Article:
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Genius of the Renaissance in Rome
Jo Walton Wednesday 11 March 2020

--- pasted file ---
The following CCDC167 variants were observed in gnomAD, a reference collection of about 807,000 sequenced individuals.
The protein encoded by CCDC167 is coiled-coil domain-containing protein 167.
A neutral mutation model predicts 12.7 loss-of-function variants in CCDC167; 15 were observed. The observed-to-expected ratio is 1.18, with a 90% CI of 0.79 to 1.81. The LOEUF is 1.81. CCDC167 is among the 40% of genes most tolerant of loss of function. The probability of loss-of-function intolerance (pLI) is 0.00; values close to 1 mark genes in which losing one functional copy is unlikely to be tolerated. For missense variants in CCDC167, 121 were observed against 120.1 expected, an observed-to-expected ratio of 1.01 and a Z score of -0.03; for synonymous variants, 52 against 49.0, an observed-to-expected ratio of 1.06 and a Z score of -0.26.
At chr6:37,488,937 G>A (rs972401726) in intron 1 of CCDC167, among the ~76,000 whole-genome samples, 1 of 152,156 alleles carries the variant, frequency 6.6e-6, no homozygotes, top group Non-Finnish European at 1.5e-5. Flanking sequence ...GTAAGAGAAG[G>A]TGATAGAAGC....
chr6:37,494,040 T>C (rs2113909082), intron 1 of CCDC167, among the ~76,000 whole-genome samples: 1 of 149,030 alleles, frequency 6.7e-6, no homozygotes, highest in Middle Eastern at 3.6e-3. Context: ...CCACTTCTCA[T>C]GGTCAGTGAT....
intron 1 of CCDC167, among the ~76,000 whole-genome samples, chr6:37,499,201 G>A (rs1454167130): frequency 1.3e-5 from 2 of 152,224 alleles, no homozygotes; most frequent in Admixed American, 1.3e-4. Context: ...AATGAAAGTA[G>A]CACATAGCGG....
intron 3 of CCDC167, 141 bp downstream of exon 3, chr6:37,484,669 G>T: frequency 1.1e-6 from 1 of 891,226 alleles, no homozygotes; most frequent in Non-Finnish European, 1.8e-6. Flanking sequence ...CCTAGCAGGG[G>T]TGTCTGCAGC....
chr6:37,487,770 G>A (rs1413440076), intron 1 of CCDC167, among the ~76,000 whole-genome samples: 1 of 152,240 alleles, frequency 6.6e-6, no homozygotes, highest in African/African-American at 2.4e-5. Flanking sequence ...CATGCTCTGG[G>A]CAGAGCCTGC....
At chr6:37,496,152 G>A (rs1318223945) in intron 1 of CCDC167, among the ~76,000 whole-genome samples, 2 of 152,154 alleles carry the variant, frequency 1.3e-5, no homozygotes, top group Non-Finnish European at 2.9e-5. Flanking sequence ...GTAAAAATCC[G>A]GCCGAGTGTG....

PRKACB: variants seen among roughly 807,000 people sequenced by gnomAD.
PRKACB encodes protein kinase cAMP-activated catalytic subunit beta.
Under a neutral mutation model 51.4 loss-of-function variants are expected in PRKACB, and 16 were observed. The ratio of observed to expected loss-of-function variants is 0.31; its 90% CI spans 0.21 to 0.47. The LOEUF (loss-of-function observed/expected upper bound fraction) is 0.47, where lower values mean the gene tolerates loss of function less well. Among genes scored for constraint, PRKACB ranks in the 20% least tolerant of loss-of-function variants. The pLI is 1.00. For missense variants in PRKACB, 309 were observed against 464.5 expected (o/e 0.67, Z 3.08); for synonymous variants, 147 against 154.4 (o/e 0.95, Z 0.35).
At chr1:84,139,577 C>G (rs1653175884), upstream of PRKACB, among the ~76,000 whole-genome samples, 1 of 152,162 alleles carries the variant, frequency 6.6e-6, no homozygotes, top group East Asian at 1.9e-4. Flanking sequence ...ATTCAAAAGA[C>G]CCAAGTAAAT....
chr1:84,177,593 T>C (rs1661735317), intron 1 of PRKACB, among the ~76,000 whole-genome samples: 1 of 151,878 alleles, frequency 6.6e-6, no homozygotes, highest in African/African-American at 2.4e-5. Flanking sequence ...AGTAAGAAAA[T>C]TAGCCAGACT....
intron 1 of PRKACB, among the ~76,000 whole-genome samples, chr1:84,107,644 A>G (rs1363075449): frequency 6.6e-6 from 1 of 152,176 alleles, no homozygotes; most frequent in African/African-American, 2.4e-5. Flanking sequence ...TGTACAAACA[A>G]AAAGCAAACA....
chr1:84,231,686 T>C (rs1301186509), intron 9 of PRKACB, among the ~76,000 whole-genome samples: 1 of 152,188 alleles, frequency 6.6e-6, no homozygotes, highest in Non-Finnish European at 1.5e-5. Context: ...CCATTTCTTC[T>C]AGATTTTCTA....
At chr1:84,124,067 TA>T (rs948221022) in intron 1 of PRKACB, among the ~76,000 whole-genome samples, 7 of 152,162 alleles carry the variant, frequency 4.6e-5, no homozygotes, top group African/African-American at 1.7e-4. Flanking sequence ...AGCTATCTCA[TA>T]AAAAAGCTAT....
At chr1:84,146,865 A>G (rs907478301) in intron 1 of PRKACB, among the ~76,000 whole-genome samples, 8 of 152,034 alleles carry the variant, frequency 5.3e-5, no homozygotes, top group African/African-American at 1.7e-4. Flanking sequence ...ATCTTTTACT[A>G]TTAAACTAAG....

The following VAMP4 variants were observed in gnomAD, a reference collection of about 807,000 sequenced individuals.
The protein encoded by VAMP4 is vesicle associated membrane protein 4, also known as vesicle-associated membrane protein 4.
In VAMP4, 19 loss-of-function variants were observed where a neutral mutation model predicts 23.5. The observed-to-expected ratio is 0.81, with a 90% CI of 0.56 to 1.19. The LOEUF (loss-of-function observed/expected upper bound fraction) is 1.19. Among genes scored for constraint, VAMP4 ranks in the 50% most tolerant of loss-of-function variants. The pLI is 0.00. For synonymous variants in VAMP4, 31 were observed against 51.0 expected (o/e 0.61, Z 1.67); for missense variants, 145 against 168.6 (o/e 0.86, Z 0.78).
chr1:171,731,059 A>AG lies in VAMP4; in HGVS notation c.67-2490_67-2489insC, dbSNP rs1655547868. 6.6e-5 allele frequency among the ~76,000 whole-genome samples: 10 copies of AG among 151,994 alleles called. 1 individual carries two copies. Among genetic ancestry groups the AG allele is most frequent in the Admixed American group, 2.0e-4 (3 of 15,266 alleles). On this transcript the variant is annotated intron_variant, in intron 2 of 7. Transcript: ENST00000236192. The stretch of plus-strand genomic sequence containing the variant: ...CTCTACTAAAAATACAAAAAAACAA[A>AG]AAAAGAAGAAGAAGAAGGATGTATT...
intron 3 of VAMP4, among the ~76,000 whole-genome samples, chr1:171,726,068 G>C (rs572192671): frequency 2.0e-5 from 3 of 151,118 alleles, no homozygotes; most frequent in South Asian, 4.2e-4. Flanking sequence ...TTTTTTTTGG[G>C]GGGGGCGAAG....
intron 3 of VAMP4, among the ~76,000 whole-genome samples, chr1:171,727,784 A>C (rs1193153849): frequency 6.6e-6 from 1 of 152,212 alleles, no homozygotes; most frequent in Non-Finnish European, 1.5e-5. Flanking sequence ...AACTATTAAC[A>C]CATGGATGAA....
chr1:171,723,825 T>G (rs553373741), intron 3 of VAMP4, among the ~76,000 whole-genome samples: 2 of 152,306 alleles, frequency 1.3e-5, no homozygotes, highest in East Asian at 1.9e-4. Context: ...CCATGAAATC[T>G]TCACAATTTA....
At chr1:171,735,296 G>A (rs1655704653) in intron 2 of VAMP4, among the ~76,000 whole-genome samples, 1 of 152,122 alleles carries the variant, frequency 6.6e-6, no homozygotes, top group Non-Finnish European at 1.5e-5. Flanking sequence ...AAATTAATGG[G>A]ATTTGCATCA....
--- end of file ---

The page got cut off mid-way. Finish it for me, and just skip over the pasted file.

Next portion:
Raphael died in Rome on Good Friday, 1520, aged only 37. The Pope, his most prestigious patron, was devastated and earth tremors were felt around the city. He was buried in the Pantheon – Rome’s most important classical building – a fitting tribute to an artist who rivalled the greatness of the Ancients. (He was also charming, handsome and polite – which couldn’t be said for all Renaissance polymaths.) This lecture looks at his short, but astonishing career as painter, architect, administrator and superb draughtsman and considers his lasting influence on subsequent artists.